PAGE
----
1. Barnabas 13:3-6, 9: "(3) And in the beginning of the creation he makes mention of the sabbath. And God made in six days the works of his hands; and he finished them on the seventh day, and rested the seventh day, and sanctified it. (4) Consider, my children, what that signifies, he finished them in six days. The meaning of it is this; that in six thousand years the Lord God will bring all things to an end. (5) For with him one day is as a thousand years; as himself testifieth, saying, Behold this day shall be as a thousand years. Therefore children, in six days, that is, in six thousand years, that all things shall be accomplished. (6) And what is that he saith, And he rested the seventh day: he meaneth this; that when his Son shall come, and abolish the season of the Wicked One, and judge the ungodly; and shall change the sun and the moon and the stars; and he shall gloriously rest in that seventh day. -snip- (9) Lastly he saith unto them; Your new moons and your sabbaths I cannot bear them. Consider what he means by it; the sabbaths, says he, which ye now keep are not acceptable unto me, but those which I have made; when resting from all things I shall begin the eighth day, that is, the beginning of the other world." Lost Books of the Bible. World Bible Publishing, 1926. Alpha House. pp. 160-61
2. Francisco de Ribera (1537-1591), Francisci Riberae presbyteri Societatis Iesv, et sacrae theologiae doctoris, In librum duodecim Prophetarum commentarij : sensum eorundem prophetarum historicum, & moralem, persaepe etiam allegoricum complectentes ; cum qvatvor copiosis indicibvs. Romae. : Ex typographia Iacobi Tornerij., M.D.XC. 2v ; 40 ; Francisci Riberae ... in librum duodecim Prophetarum commentarij, etc. Salmanticae : Excudebat G. Foquel, 1587. 2 vol. ; fol. ; Francisci Riberae Villacastinensis presbyteri Societatis Iesu, doctorisq[ue] theologi in sacram b. Ioannis Apostoli, & Euangelistae Apocalypsin commentarij : Cum quinq[ue] indicibus ... His adiuncti sunt quinq[ue] libri de Templo, & de ijs quae ad Templum pertine[n]t, ad multorum locorum, tam Apocalypsis, quam reliquorum librorum intelligentiam cum primis vtiles. Salmanticae : Excudebat Petrus Lassus., M.D. XCI. 2v in one, [8], 333, [41], 222, [34] p ; fol.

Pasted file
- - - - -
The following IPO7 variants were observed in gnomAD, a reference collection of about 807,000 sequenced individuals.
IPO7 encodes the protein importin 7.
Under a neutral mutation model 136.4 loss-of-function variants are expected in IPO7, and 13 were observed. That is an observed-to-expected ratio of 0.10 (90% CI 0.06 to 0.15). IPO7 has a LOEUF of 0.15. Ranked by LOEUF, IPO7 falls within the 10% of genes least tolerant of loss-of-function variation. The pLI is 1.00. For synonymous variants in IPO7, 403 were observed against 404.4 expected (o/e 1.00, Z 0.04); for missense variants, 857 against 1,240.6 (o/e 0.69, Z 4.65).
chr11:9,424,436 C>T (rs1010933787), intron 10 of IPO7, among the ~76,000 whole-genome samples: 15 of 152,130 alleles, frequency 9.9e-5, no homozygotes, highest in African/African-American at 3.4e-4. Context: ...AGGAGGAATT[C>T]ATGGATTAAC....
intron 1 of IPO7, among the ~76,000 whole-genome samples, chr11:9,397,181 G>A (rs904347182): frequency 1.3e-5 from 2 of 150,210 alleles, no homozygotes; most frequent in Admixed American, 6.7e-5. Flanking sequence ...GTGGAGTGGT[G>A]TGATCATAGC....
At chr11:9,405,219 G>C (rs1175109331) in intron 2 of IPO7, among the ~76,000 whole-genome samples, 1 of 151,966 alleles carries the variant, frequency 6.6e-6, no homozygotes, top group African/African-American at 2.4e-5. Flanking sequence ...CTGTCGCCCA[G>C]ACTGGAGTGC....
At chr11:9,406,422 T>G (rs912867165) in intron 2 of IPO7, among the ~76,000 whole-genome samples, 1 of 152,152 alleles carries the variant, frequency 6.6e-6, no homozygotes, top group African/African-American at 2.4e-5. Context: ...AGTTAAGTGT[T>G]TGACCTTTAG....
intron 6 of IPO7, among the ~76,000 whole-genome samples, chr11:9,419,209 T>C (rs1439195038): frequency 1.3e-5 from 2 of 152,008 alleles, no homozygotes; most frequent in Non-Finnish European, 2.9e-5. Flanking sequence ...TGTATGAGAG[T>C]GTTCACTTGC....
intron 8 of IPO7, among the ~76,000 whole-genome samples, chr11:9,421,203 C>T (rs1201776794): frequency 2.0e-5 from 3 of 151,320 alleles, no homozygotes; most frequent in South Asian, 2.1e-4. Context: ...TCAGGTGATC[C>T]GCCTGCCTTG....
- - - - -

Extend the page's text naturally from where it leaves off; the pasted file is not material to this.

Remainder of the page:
3. Manuel Lacunza Y Díaz, The Coming of Messiah in glory and majesty. By Juan Josafat Ben-Ezra. Translated from the Spanish, with a preliminary discourse by E. Irving. (A critique of the work composed by Juan Josafat Ben-Ezra, entitled "the Coming of Messiah in glory and majesty," by M. R. P. Fr. Paul, of the Conception, of the Order of the Barefooted Carmelites.). London : Thames Ditton [printed] : L. B. Seeley & Son, 1827. 2 vol. ; 8o.